Walmart Hiring Plan Excludes Nearly 1 Million Unemployed Veterans
Walmart's plan to hire more than 100,000 veterans comes with a major catch: Only those who have been honorably discharged on or after the plan's announcement on Jan. 15 will be eligible. (The official launch date is Memorial Day.)
Which means that veterans who left service yesterday, or last week, will not be eligible. Nor will Walmart's plan include veterans who left military service last year and have been unemployed, ever since.
Why? Walmart's spokesperson Brooke Buchanan told AOL Jobs: "We shouldn't be given a hard time about this," but declined to elaborate on why this condition was put in place.
She emphasized that Walmart's employment roster of 1.4 million workers already shows 100,000 veterans on staff, thanks to its participation in efforts such as the U.S. Chamber of Commerce's Hiring Our Heroes program. But Walmart's program will still be leaving out the almost one million veterans currently out of work, according to August statistics. The unemployment rate for veterans of Afghanistan and Iraq now stands at 10.8 percent, according to the Bureau of Labor Statistics.
For his part, President Obama was speaking highly of the plan, saying, "Walmart is setting a groundbreaking example for the private sector to follow."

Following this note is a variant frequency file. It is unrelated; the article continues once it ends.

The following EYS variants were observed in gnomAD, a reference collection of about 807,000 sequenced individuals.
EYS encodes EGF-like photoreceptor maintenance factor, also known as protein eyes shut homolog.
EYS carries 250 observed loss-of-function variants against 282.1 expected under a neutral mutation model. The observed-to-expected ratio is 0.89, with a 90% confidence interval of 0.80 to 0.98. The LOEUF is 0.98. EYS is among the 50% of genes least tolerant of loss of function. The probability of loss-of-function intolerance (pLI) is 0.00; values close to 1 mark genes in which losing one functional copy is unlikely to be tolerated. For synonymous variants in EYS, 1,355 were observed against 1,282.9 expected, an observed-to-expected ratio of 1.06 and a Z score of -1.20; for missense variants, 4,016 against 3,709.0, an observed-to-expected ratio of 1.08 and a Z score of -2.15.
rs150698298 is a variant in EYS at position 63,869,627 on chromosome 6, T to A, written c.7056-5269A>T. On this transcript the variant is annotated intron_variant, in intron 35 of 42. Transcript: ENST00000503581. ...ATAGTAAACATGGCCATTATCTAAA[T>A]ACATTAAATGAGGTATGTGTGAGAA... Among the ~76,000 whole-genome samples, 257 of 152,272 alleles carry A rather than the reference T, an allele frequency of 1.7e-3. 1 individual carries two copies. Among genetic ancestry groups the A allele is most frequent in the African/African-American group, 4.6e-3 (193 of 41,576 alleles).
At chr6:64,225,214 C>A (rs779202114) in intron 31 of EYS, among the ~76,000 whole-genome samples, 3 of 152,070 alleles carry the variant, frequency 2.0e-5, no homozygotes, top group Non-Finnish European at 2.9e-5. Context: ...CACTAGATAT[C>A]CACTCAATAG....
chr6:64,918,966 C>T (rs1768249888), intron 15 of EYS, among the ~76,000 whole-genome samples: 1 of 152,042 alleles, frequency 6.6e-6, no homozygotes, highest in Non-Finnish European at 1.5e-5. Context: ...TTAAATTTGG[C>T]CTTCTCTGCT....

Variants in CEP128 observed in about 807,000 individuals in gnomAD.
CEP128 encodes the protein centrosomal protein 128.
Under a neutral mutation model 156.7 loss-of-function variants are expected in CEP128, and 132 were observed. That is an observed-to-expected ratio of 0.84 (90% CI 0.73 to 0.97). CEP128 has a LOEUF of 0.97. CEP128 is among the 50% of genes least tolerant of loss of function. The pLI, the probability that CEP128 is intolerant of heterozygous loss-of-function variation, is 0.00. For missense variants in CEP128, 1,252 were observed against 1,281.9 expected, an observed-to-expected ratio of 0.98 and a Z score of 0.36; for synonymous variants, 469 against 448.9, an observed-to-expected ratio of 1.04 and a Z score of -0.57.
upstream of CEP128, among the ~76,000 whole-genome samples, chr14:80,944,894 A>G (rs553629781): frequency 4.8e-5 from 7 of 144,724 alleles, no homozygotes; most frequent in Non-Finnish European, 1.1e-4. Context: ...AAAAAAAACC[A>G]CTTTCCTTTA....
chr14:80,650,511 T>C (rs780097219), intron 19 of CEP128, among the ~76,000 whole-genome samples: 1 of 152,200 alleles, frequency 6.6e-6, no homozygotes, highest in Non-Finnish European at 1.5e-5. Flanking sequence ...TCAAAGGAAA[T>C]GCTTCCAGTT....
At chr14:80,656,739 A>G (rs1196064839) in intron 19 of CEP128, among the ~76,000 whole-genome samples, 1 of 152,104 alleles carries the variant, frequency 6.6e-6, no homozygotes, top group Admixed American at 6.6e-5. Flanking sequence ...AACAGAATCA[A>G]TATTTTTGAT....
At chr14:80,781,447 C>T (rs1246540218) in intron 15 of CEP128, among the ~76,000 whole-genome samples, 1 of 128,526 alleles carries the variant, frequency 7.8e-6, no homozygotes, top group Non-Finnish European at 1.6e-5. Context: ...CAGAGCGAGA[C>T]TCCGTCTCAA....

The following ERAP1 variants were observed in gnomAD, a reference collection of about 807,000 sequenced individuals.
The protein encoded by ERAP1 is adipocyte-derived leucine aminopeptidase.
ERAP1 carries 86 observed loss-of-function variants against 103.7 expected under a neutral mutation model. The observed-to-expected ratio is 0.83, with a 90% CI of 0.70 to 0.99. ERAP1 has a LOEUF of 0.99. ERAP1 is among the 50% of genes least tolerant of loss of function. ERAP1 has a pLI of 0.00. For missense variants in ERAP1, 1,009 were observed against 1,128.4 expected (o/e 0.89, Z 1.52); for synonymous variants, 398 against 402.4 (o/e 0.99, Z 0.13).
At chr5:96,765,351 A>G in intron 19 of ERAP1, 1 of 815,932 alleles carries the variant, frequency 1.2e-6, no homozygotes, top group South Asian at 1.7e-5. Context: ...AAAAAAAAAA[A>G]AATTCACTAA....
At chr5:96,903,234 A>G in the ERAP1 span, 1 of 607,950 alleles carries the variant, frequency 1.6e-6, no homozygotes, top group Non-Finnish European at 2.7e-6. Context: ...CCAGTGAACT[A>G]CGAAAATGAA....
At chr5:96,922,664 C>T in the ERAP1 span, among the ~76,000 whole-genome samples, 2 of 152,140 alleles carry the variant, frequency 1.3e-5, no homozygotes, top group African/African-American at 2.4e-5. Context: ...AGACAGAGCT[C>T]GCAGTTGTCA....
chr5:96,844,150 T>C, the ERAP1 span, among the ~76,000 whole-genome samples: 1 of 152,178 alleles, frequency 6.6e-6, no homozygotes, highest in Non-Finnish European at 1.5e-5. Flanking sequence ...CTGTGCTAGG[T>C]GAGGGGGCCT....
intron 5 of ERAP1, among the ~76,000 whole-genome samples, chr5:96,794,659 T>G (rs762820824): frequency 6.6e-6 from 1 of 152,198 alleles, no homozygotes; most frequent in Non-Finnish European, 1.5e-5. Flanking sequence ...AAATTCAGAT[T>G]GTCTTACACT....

Walmart's program joins a renewed effort throughout corporate America to hire veterans. Currently there are about 10 million veterans working in corporate America, according to GIJobs.com. And the numbers are growing, thanks to programs such as banking giant JPMorgan's 100,000 jobs mission, which is looking to hire that many veterans by 2020. As of September, it had already gotten 28,186 veterans hired among a group of 76 employers -- including the bank.
"You are seeing a new attitude of 'what can we do?' in the corporate world," Libby O'Connell, the chief historian at The History Channel told AOL Jobs. And she saw the enthusiasm as coming from a desire to right past wrongs. "After Vietnam, veterans were disrespected because of the opposition to the war. Everyone has realized veterans' well-being has nothing to do with how you felt about the war."
For its part, Walmart said that it still welcomed all veterans to apply for jobs. "We will respect their service," Buchanan said.
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Dan Fastenberg was most recently a reporter with TIME Magazine. Previously, he was a writer for the Thomson Reuters news service's Latin America desk. He was also a reporter and associate editor for the Buenos Aires Herald while living in South America.
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